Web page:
HIV Infection in Developing Countries.Michel Caraël & Peter Piot - 1989 - Journal of Biosocial Science 21 (S10):35-50.
    Shortly after the first reports on the acquired immunodeficiency syndrome in the United States, it became clear that the disease was also particularly frequent in Haitians living in North America and in Africans seen in Europe for medical care. Subsequently, surveys in Haiti and in Central Africa confirmed the occurrence of epidemic foci of AIDS in these areas.
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  17.  17
    The Impact of HIV Infection on Society's Perception of Clinical Trials.Robert J. Levine - 1994 - Kennedy Institute of Ethics Journal 4 (2):93-98.
  18.  13
    Surgical Care of the HIV-Infected Patient: A Moral Imperative.William P. Schecter - 1992 - Cambridge Quarterly of Healthcare Ethics 1 (3):223.
    An increasing number of HIV-infected patients require surgical care. Many surgeons, regardless of their venue of practice, would prefer not to treat HIV-infected patients.1 The reasons for this attitude differ from individual to individual but include the fear of contracting an incurable fatal illness, a desire to avoid interaction with homosexuals and intravenous drug users, and fears that occupationally acquired HIV infection would result in restriction of clinical privileges and loss of income.2,3 At the same time, many individuals, institutions, and (...)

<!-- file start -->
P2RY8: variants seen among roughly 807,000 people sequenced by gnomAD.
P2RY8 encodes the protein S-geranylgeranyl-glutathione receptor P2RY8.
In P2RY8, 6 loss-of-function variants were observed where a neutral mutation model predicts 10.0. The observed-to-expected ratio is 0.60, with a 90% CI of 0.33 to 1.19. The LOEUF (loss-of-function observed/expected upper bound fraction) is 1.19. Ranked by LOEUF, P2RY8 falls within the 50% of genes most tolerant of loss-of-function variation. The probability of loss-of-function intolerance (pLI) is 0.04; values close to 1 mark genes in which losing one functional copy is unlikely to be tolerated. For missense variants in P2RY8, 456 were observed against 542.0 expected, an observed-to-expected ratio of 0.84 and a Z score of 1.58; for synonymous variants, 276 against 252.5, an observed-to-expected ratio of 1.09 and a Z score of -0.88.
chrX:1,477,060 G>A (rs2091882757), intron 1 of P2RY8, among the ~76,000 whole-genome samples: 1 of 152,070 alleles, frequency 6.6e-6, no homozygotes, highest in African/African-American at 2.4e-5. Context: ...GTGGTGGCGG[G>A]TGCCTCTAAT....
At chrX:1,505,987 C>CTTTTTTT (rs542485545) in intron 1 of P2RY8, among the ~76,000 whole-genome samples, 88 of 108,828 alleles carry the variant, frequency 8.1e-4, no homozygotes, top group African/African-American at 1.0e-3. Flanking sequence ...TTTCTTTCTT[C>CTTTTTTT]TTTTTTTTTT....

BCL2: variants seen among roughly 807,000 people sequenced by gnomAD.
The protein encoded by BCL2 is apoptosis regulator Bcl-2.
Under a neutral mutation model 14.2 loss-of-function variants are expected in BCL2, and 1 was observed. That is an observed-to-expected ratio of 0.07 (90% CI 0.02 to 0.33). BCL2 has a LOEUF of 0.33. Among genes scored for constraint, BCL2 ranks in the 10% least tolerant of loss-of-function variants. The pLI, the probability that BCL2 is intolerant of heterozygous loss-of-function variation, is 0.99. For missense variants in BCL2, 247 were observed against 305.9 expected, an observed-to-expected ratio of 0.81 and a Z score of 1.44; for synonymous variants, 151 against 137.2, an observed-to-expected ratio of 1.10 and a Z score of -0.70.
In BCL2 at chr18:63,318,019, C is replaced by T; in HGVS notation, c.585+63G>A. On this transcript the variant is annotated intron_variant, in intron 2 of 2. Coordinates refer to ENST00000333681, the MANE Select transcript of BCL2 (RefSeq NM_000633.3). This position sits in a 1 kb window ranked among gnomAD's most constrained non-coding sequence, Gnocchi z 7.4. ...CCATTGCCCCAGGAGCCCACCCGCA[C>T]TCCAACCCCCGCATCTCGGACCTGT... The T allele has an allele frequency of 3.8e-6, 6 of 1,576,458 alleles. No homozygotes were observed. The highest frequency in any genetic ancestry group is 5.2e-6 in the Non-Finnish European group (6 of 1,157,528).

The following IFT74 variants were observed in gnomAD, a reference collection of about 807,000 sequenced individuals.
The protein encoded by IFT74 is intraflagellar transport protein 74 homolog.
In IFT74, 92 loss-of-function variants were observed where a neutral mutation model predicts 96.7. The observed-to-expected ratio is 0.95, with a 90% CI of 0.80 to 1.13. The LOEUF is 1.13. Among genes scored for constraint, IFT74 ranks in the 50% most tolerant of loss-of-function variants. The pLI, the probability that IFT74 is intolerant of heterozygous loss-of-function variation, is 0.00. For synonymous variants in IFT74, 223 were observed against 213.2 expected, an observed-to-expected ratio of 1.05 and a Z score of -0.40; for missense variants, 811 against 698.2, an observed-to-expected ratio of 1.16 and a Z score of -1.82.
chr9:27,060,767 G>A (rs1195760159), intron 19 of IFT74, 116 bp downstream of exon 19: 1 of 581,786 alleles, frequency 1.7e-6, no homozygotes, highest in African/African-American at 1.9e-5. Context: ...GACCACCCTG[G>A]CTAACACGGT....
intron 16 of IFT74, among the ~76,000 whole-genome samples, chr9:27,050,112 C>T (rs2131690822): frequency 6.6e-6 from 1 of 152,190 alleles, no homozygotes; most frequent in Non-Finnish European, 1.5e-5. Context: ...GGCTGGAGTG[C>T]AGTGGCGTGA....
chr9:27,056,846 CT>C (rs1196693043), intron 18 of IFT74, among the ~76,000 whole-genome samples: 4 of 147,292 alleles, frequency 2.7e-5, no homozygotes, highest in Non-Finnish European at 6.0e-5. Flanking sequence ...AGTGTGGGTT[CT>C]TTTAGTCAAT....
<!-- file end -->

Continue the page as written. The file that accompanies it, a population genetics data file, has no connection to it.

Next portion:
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  19.  10
    Solid-Organ Transplantation in HIV-Infected Patients.Scott D. Halpern, Peter A. Ubel & Arthur L. Caplan - forthcoming - Center for Bioethics Papers.
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  20.  18
    Maternal Transmission of HIV Infection: A Crime Against My Child?Catherine Stanton - 2015 - Journal of Medical Ethics 41 (5):375-378.
  21.  34
    Rights and Duties of HIV Infected Health Care Professionals.Lawrence O. Gostin - 2002 - Health Care Analysis 10 (1):67-85.
    In 1991, the CDC recommended that health care workers (HCWs) infectedwith HIV or HBV (HbeAg positive) should be reviewed by an expert paneland should inform patients of their serologic status before engaging inexposure-prone procedures. The CDC, in light of the existing scientificuncertainty about the risk of transmission, issued cautiousrecommendations. However, considerable evidence has emerged since 1991suggesting that we should reform national policy. The data demonstratesthat risks of transmission of infection in the health care setting areexceedingly low. Current policy, moreover, does (...)
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  22.  26
    Multidrug Therapy for HIV Infection: Dynamics of Immune System.Deepmala Kamboj & M. D. Sharma - 2019 - Acta Biotheoretica 67 (2):129-147.
    A mathematical model of the dynamics of the immune system is considered to illustrate the effect of its response to HIV infection, i.e. on viral growth and on T-cell dynamics. The specific immune response is measured by the levels of cytotoxic lymphocytes in a human body. The existence and stability analyses are performed for infected steady state and uninfected steady state. In order to keep infection under control, roles of drug therapies are analyzed in the presence of efficient immune response. (...)
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  23.  14